Scottish Community Tourism Network held a Zoom meeting to hear views. 14 people attended. 3 people agreed and 11 disagreed with this point. Breakout 1 • (An example from a small island). The biggest problem for many rural areas is day trippers, wild campers and camper vans. They have the biggest impact on our visitor services - those staying with accommodation providers are less likely to use public loos, litter bins, empty chemical waste toilets in farmers’ fields etc. Our ranger must sort it out and our community trust has to pay for it. These people won’t have to pay a levy. • On an island, which already has wild campers (who contribute little to local economies), increasing the cost of accommodation will lead to more wild campers. • A suggestion was made – It needs to come from everyone who comes to visit. If we could charge a £1 for everyone who comes to the island. What about a disembarking fee for people who came of the boat /an entrance fee. Boats and campers could just choose to go elsewhere, save twice on the fee for campsite and levy, risk that we lose income. Breakout 2 • Motor homes are an issue, it is a huge problem. It upsets the community and there are big issues around litter, waste, pollution of rivers etc when they don’t park at official sites – could VL actually exacerbate the problem by deterring people from using official sites? Same for wild camping too (Loch Lomond National Park has already introduced wild camping bylaws). • Types of accommodation covered seem fair, but motorhomes are a major problem and should be included. Needs to be addressed somehow, if not through this Bill. Other suggestions include road tolls and number plate recognition tech but recognise complexities/controversy around this approach too. • Same goes for Cruise ships but recognise that this would only impact relatively small number of councils. Breakout 3 • Concern that wild camping is not included. Any possibly income through a levy would not be being captured here as a result. A missed opportunity given the significant impact that it can have on communities without contributing anything to those communities. • There are very real concerns about the impact that motor homes have on communities. Keen to find a way to capture motor homes irrespective of whether they are at a campsite or not. • Could then apply the funds raised to mitigate the damage done by wild camping and specifically motor homes.

I have the responsibility of looking after a cottage for a hillwalking club, administering bookings, payments and organising maintenance. This is a voluntary role and members are charged a fee to cover costs and no profit is made. An extra tax will deter our members from visiting and the extra administration will further complictate and add to my workload. I feel a charge really needs to be made on those who currently overnight for free in laybys with roof top tents, old vans, campervans and motorhomes using nearby rocks and bushes as toilets.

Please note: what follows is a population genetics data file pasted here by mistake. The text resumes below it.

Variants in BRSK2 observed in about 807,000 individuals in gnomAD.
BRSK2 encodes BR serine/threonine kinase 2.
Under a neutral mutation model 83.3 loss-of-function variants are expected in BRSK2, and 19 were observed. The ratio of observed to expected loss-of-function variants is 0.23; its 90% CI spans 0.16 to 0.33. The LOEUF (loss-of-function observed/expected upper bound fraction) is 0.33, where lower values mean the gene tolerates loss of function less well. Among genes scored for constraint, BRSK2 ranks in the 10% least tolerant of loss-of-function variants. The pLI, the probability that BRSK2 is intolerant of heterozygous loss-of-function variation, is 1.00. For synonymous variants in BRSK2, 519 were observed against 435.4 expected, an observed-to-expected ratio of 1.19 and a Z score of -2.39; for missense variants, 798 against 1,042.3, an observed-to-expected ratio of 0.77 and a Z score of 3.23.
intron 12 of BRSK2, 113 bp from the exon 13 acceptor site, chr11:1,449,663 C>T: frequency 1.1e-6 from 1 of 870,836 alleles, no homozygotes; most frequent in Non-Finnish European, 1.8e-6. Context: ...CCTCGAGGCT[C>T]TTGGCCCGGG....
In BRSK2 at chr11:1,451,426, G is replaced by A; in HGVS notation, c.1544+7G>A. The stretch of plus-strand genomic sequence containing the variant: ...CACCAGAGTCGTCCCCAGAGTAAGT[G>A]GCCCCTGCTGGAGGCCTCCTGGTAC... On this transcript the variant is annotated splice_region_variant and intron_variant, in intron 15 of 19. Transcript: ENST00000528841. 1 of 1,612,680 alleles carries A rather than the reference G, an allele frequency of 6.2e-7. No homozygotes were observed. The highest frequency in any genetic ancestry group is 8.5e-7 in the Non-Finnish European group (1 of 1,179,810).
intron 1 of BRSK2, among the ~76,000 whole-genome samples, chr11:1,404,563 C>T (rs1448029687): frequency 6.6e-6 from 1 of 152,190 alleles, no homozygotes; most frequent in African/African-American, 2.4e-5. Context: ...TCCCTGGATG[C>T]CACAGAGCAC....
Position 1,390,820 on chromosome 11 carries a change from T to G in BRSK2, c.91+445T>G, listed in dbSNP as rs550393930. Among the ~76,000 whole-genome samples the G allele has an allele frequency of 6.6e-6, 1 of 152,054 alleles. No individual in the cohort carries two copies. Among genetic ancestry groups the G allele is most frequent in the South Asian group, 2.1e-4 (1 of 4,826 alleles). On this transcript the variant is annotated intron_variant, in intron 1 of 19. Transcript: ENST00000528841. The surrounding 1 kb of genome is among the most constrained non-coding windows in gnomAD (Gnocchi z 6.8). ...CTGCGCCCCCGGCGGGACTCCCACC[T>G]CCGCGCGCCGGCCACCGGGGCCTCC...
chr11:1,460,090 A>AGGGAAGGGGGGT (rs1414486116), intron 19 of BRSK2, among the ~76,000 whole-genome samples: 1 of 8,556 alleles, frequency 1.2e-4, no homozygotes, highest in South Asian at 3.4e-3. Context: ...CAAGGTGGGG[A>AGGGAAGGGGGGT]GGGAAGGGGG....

Camper vans are out of control ithe Highlands. It must apply to them as it's them that require more facilities

Mountaineering huts run by charitable donations, and other charitable accommodation should not be included

Those staying overnight in caravans, motor homes and certainly cruise ships should be included in the proposed levy.

Should include motor homes etc as they also generate work for local authorities (roads, refuse, toilets etc)

All accommodation should be removed. This tax should be removed .The costs of infrastructure should be covered by ever increasing rates, taxes, licensing costs. Any vanity projects that council's decide to get involved with should be commercially funded.

Cruise ships and campers should most definitely be included in the levy, as they are contributing greatly to the general deterioration of quality of life for residents during the busy season, as well as contributing to damage to the infrastructure which residents are expected to pay for.

If it's to be applied surety it could be to all visitors, even those using campervans etc. They use the infrastructure as much or more than those using hotels, B&B, self catering etc.

It should include all forms of accommodation provision. Not sure why some are excluded, they all use the roads, need litter / sewerage facilities.

If it is going to be brought in, it should include all accommodation. A lot of camper vans park anywhere and dont pay for a site or shop and eat locally. But they use public toilets and other local tourist amenties. And why should cruise ships be excluded when they come ashore and use local amenities.

If a bednight tax is levied it will impact on outdoor centres and school pupils . This will add extra cost to a trip which is already under pressure due to rises in the cost of living. The number of centres in Scotland have decreased by 50% over 40 years and they are marginal in terms of finance and many are subsidized